• Today’s wind turbines and solar panels produce more energy, in less space, for less cost, and with more flexibility than ever before. The cost of wind power fell by 71% and utility-scale solar by 90% from 2009 to 2020. In 2019, the median new residential solar panel was 37% more efficient than one installed in 2010. And in 2019, the average installed wind turbine had 42% greater power capacity than one installed in 2010.
  • New renewable energy technologies that could one day help provide more stable and diverse options for providing renewable energy are on the way. Floating offshore wind turbines, which are dropping in price and have been successfully deployed in pilot projects, can be located in deep waters and provide access to wind resources off the West Coast of the U.S. And advances in enhanced geothermal technology may soon allow more regions of the U.S. to tap into the nation’s enormous potential for generating electricity using underground heat.

2. Modernize the grid. The U.S. has laid the groundwork for providing reliable renewable power when we need it with a modern grid capable of storing energy, delivering energy across long distances, and reacting to changes in weather conditions.

  • Battery storage capacity has skyrocketed as the cost per watt-hour of utility-scale battery storage has fallen dramatically, down 70% from 2015 to 2018. Batteries are now often deployed alongside new wind and solar farms both for their ability to store energy for when energy output is low and to assist grid function by helping regulate grid frequency and respond to grid disturbances. Long-term or seasonal energy storage solutions, like renewably-produced hydrogen, are being developed that could one day help the grid achieve renewable energy penetrations approaching 100%.
  • Expanding transmission connections allows for more efficient and flexible use of renewable resources, such as in Texas where new transmission lines helped unlock enormous wind resources in rural parts of the state. Improving technology and falling costs for high-voltage direct current lines could soon allow the creation of important new transmission connections, including between the eastern and western U.S. grid systems.
  • New technologies and tools are ready to help build a smarter, more modern grid. Smart inverters, along with strategies like extracting stored kinetic energy from wind turbines, are already allowing clean energy technologies to respond to changes in grid conditions. And sophisticated computing tools are making possible advanced forecasting that can provide grid operators with precise and granular information about renewable generation.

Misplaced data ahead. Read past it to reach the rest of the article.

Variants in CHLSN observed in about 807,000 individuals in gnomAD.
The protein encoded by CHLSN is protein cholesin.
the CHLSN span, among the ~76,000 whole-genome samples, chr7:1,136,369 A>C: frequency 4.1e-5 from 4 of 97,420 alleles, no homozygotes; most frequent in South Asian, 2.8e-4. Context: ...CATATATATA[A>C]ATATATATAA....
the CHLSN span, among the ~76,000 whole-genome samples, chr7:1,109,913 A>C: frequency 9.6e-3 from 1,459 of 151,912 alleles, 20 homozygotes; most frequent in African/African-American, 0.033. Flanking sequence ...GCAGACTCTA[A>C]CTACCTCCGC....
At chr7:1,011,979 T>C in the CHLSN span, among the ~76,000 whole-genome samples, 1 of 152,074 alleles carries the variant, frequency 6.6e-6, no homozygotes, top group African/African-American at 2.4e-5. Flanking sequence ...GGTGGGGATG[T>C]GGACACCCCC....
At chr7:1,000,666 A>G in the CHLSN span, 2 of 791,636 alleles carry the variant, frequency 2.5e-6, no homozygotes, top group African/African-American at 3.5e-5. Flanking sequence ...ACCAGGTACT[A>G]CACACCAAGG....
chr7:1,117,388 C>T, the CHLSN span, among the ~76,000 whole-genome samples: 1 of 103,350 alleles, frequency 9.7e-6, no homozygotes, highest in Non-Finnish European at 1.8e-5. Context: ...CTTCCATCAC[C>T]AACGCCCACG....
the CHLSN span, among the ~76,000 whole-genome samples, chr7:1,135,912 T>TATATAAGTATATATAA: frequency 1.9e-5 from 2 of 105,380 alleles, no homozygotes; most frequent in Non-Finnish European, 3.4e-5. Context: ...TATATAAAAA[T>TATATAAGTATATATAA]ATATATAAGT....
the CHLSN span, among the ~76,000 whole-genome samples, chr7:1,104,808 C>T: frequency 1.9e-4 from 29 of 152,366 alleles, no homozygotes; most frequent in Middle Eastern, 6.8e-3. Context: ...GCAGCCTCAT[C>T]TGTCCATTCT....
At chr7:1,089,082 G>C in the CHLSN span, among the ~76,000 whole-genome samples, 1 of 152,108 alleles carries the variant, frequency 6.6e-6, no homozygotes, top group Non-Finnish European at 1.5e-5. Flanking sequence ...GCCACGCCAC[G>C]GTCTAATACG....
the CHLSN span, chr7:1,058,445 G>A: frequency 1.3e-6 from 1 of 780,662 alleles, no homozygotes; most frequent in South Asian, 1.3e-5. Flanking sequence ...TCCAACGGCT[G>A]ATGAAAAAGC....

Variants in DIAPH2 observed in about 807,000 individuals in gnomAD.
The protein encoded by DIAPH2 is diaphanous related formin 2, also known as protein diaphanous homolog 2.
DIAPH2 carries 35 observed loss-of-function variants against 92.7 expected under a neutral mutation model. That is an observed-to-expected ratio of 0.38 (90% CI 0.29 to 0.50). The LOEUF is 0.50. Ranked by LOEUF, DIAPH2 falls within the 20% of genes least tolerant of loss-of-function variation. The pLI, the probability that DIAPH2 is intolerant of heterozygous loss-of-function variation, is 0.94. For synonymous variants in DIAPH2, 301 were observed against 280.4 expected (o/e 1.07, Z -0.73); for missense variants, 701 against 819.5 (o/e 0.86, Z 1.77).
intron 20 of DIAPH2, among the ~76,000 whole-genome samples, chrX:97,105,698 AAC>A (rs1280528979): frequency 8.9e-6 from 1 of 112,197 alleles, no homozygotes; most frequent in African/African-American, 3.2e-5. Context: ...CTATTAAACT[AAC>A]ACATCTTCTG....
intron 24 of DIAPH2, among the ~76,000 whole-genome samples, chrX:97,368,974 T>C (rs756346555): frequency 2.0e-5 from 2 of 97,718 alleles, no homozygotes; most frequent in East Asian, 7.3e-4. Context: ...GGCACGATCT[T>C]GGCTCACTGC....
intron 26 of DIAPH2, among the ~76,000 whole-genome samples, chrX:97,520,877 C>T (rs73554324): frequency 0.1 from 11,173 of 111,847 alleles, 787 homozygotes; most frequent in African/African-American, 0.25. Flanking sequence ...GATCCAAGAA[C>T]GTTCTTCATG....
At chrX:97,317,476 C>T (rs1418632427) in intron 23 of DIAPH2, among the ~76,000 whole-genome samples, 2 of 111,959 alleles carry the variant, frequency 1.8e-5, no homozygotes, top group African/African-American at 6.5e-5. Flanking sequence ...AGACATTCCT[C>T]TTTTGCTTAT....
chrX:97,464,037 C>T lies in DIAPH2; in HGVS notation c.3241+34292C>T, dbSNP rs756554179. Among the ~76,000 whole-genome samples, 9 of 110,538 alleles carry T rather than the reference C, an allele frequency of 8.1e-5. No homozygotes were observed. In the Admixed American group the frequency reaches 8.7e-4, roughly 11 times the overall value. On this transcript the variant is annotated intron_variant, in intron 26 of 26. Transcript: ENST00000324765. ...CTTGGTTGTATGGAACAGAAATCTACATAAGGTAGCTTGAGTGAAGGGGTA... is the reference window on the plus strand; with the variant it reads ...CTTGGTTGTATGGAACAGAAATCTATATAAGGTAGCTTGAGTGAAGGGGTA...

3. Reduce and manage energy demand. The U.S. has enormous potential to cut energy use and make energy demand more flexible, which would reduce the amount of new infrastructure needed for a shift to renewable energy.

  • Energy efficiency can cut U.S. energy use in half by 2050, according to research from the American Council for an Energy-Efficient Economy. The U.S. can achieve large energy reductions through advanced new strategies like geotargeted efficiency programs and energy management and information systems, as well as expanding access to older tried-and-true methods. For example, more than nine in 10 homes in the United States had not had an energy audit as of 2015.
  • Demand response programs can reduce peak energy demand and enable the grid to respond to changes in renewable energy supply. Research from 2019 found that by 2030 demand response could provide 200 GW of “economically feasible load potential,” equivalent to 20% of peak load levels.
  • In 2018, utilities reported a total enrolled demand response capacity of 20.8 GW, equivalent to the power capacity of about 10,000 wind turbines. Now, new technologies like smart thermostats and advanced metering infrastructure are enabling advanced demand response programs that can help create a more flexible and responsive electric grid.

4. Repower everything with renewables. Technology is available to repower most direct uses of petroleum or gas with electricity, and to tap the nation’s enormous potential for renewable heat and light.

  • Electric vehicles (EVs) and buildings are far more efficient than fossil fuel technologies. A fully electrified and renewable energy system could cut primary energy consumption by at least half.
  • Proven technologies are readily available for electrifying light-duty vehicles, residential buildings and commercial buildings, which account for 45% of fossil fuel end-use combustion in the U.S. EV technology in particular has dramatically improved in the last decade: The cost per watt-hour for EV batteries fell by 89% from 2010 to 2020, while the median driving range of EVs quadrupled.
  • New technologies could soon allow us to power more activities with clean energy. Advanced battery technology is becoming available for powering medium- and heavy-duty freight, and a recent Deloitte study found that, among surveyed manufacturers, companies aimed to electrify nearly 45% of their processes by 2035.
  • The U.S. can also tap into large amounts of renewable energy in the form of heat. The U.S. Department of Energy estimates that the U.S. has the economic potential for more than 17,500 geothermal district heating installations nationwide, with much of the potential located near major population centers including in the Northeast.

The stage is set for a rapid transition to renewable energy. But time is of the essence. Policymakers must do all they can to accelerate a shift away from fossil fuels to an energy system in which the vast majority of our energy comes from renewable sources like the wind and sun. Policymakers at every level of government should set ambitious goals to transition both electricity and other energy uses to clean, renewable sources. And they should ensure those goals are achieved through policies that provide clean energy with the financial and regulatory support that it needs.

Figure ES-3. The rapid fall of clean energy prices